So what about 'somewhat' subject oriented reference services? Or what about the even more puzzling reference questions where the patron does not accurately "announce" the precise subject specialty that might be needed to service the query? What about reference services that are not necessarily "in depth" but are initial inquiries that could go in a variety of directions. What about reluctant or less formulated inquiries from patrons who have some pressing information needs but have not yet sharpened their query into a "subject specific request" that will lead to "in-depth reference services." Don't most patrons come to a reference desk without what the western admin characterizes as highly subject specific, in depth reference needs (even in an academic library)? There was an even more troublesome communication from the administration of the law faculty (where I also teach) that said:
"All services to students will carry on as usual."
I am not exaggerating, that's what they said. But, one wonders . . . if all services can carry on as usual without the professional library staff, why do we need a professional library staff? If anyone thinks this is not an issue in the minds of cost-cutting managers, then remember the notorious piece in AL several years back that asked “What if you ran your library like a bookstore?” (American Libraries, 29 (3) (March 1998)).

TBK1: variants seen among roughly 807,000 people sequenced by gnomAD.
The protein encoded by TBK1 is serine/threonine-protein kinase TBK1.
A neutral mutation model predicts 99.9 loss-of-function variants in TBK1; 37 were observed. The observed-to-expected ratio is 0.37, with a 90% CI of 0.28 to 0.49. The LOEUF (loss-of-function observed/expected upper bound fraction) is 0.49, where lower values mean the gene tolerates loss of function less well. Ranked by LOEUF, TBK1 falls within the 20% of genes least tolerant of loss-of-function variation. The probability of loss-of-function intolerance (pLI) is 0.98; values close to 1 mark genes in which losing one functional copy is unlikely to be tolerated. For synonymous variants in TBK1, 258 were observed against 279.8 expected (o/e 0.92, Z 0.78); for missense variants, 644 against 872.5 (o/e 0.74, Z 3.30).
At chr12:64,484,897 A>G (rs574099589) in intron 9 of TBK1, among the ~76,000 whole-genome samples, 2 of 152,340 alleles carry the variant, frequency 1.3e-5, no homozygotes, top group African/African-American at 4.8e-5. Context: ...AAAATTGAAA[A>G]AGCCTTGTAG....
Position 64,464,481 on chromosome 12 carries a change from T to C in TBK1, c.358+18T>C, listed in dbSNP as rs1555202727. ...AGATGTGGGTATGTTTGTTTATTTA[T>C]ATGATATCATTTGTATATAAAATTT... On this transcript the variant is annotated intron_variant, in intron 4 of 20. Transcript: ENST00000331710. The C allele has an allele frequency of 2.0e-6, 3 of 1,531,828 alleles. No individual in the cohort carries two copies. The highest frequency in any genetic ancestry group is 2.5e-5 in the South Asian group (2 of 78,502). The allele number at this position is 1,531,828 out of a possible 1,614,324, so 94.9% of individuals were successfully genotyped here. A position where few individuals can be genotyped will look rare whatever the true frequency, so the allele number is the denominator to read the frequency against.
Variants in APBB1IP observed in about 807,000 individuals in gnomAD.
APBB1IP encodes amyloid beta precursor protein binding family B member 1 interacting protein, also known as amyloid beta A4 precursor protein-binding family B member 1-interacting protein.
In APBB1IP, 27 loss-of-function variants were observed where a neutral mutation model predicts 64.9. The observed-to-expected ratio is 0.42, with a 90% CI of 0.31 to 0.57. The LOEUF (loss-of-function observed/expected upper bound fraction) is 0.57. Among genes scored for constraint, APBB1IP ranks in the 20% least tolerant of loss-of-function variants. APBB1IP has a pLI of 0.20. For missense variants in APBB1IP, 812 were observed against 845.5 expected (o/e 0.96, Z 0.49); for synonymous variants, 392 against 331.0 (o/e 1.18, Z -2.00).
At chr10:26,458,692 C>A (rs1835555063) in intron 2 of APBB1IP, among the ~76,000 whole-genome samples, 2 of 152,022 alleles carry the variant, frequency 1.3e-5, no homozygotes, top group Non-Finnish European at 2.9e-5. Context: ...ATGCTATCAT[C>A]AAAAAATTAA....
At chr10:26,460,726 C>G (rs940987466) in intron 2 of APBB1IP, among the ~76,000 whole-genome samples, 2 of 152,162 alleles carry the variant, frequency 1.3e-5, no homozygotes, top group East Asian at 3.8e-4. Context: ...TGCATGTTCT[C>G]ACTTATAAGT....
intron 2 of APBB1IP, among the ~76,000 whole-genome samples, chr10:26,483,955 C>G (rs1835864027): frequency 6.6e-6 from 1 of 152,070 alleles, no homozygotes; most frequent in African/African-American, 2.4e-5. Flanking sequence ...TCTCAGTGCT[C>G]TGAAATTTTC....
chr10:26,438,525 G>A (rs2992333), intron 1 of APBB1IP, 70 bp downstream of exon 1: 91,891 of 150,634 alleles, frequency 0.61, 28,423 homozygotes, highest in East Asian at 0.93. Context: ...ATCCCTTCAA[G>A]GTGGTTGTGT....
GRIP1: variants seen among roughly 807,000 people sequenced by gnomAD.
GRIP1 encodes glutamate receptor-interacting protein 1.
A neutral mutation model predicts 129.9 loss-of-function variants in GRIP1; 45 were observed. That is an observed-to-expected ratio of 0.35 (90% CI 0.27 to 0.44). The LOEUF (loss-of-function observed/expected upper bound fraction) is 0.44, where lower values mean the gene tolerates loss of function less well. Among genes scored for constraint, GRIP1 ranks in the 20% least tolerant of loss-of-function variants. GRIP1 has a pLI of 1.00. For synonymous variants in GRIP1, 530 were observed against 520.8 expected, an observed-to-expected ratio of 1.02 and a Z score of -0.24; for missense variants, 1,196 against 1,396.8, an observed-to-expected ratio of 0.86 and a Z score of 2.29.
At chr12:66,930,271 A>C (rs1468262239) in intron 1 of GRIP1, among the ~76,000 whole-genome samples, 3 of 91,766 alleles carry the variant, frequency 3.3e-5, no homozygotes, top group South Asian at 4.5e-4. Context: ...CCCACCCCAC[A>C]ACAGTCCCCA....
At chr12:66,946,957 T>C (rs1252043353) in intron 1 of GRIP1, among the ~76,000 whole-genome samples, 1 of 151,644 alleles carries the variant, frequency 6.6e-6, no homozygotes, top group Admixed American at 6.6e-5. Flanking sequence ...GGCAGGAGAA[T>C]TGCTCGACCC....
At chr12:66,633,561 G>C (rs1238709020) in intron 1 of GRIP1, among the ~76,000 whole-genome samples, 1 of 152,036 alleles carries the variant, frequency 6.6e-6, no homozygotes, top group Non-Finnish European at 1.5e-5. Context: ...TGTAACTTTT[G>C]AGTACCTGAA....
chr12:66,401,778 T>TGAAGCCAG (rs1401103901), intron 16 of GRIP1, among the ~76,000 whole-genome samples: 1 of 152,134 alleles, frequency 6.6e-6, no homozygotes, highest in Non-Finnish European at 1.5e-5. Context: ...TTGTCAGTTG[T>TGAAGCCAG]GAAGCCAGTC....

Libraries without librarians (and archives without archivists) is hardly business as usual.
While it is not surprising that management will try to minimize the impact of a work stoppage in the context of a labour dispute, I think the UWO admin is going over the top in its denigration of the role of professional library services. In my view, they damage the credibility of the institution and it will have negative repercussions long after this particular labour issue is settled. When you consider the actual cost to the university of resolving this dispute (remember there are only 50 or so members of the bargaining unit) it seems apparent that there is something else at play here. It is unfortunate that the UWO admin has decided that in order to gain some short-term advantage, they will issue statements that denigrate the role of librarians more generally. This is not a good strategy for what purports to be world-class research university.
What can members of the broader library community do to help?